2007 recession causing current Christmas tree shortages

2007 recession causing current Christmas tree shortages

The National Christmas Tree Association says 77 percent of people who get real Christmas trees like them pre-cut, and 23 percent prefer to cut the tree down themselves. So if you’re planning to purchase a live tree this holiday season, don’t procrastinate.

Russell Frederico, owner of Frederico’s Christmas Trees, said growing Christmas trees can be challenging

“Fighting insects, fighting lots of different problems, even heat. Sometimes it gets too hot, and sometimes the trees burn,” Frederico said.

Frederico doesn’t personally grow the trees he sells, and he said this year, it was hard to find trees to buy.

“During the start of the recession, there was a glut of trees. There was over supply, so a lot of the growers didn’t plant any trees for several years,”he said.”So what happened was we had a shortage. I’ve had to buy from four different growers this year just to meet the needs that I needed for my trees.”

It typically takes 10 years to grow an eight foot Christmas tree. Since the recession happened 10 years ago in 2007, don’t be surprised when Christmas tree prices are much higher and the supply much lower.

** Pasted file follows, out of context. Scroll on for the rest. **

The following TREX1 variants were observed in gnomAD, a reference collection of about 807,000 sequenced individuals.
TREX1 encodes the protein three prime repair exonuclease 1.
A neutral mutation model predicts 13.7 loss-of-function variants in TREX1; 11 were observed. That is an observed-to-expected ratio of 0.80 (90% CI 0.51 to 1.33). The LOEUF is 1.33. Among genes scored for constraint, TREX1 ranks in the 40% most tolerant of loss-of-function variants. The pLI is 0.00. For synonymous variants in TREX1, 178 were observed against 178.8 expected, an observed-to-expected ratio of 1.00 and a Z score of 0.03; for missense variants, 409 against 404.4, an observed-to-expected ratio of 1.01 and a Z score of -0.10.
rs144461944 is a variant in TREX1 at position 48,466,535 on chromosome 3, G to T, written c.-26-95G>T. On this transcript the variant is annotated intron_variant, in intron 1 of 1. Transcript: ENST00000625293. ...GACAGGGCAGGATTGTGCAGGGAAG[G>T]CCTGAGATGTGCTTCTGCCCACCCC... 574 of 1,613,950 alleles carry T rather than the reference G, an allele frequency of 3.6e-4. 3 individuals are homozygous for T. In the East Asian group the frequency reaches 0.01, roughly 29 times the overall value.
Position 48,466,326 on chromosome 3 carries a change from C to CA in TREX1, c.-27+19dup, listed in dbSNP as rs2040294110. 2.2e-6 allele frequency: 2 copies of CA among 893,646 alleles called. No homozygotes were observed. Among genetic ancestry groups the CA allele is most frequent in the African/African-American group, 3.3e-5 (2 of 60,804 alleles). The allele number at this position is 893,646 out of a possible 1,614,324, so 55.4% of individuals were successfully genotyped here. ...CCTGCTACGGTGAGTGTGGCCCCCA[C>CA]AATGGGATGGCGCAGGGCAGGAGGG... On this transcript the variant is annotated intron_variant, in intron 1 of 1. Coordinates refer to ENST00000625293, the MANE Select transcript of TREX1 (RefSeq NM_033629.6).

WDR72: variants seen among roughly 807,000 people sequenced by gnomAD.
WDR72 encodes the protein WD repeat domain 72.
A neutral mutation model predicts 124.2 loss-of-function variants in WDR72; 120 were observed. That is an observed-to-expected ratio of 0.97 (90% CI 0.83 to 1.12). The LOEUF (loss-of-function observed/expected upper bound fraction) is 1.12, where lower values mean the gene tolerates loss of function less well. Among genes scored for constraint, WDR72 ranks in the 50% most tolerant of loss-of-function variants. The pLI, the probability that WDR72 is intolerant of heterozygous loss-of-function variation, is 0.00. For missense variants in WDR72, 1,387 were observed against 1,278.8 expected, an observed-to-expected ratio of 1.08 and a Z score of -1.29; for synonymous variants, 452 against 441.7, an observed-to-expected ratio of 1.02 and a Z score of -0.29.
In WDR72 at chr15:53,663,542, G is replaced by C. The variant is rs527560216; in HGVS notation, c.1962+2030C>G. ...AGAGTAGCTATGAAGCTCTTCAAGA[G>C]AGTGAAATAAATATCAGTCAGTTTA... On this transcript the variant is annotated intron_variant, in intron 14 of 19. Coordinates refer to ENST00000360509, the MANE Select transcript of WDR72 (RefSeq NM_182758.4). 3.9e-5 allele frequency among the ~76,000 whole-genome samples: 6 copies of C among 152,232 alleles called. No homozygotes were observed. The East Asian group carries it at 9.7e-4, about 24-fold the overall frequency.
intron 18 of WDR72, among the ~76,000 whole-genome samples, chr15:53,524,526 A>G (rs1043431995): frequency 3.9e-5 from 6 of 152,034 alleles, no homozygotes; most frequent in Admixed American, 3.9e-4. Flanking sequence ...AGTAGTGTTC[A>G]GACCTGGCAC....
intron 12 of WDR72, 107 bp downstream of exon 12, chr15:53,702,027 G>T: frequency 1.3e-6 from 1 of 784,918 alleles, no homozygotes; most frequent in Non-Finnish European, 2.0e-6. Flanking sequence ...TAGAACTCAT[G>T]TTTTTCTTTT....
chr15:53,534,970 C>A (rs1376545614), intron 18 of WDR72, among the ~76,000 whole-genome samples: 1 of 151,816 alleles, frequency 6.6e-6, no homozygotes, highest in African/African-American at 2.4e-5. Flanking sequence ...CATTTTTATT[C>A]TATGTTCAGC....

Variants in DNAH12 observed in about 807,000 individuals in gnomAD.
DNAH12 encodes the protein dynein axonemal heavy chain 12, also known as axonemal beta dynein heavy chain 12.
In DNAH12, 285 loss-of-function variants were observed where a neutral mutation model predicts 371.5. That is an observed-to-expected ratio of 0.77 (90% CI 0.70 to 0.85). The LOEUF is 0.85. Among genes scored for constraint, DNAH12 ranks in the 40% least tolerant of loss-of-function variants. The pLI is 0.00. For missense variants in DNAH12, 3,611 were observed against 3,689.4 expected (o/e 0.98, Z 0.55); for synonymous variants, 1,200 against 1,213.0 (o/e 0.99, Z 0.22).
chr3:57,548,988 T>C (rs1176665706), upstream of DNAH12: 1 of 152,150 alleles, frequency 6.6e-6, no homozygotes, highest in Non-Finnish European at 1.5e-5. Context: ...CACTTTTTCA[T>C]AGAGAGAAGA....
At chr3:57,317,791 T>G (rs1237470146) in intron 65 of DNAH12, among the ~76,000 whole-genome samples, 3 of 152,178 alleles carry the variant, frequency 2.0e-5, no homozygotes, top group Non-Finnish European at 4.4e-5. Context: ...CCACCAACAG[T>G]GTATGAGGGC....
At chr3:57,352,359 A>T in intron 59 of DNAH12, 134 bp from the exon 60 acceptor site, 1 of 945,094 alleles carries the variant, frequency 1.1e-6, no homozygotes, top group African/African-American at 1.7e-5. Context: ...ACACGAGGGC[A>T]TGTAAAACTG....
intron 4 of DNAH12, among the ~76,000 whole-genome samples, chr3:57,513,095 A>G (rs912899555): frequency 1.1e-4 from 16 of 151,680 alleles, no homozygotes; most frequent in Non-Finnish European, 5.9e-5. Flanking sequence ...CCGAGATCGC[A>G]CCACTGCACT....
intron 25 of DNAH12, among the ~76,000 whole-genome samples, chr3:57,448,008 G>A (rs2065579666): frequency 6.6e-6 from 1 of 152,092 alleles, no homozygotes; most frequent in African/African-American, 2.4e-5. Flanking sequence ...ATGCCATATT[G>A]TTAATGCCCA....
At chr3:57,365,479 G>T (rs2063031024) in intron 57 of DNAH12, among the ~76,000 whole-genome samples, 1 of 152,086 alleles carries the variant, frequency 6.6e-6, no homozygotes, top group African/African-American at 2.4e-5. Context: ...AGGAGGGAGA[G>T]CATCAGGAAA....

Frederico said fires and droughts don’t have anything to do with the shortage of trees. It’s all about the supply and demand. The farmers simply stopped growing them.

Due to the shortage, Christmas tree prices this year have increased.

“I’m faced with about a 36 percent increase in pricing from this year from last year. It’s probably been well over a 50% increase over the past couple of years,” Frederico said.

The prices are rising, but people still love buying.

“The Christmas trees last forever. It’s unique and nobody else has it and it lasts for a long time freshness-wise. It smells so wonderful too, and they are just wonderful trees to have in your house,” said Scott Morrison, a local Christmas tree shopper.

“Everything’s gone up from shipping to the cost of the trees, labor, the products that I sell. I’s just the reality of a good economy, I guess,” Frederico said.

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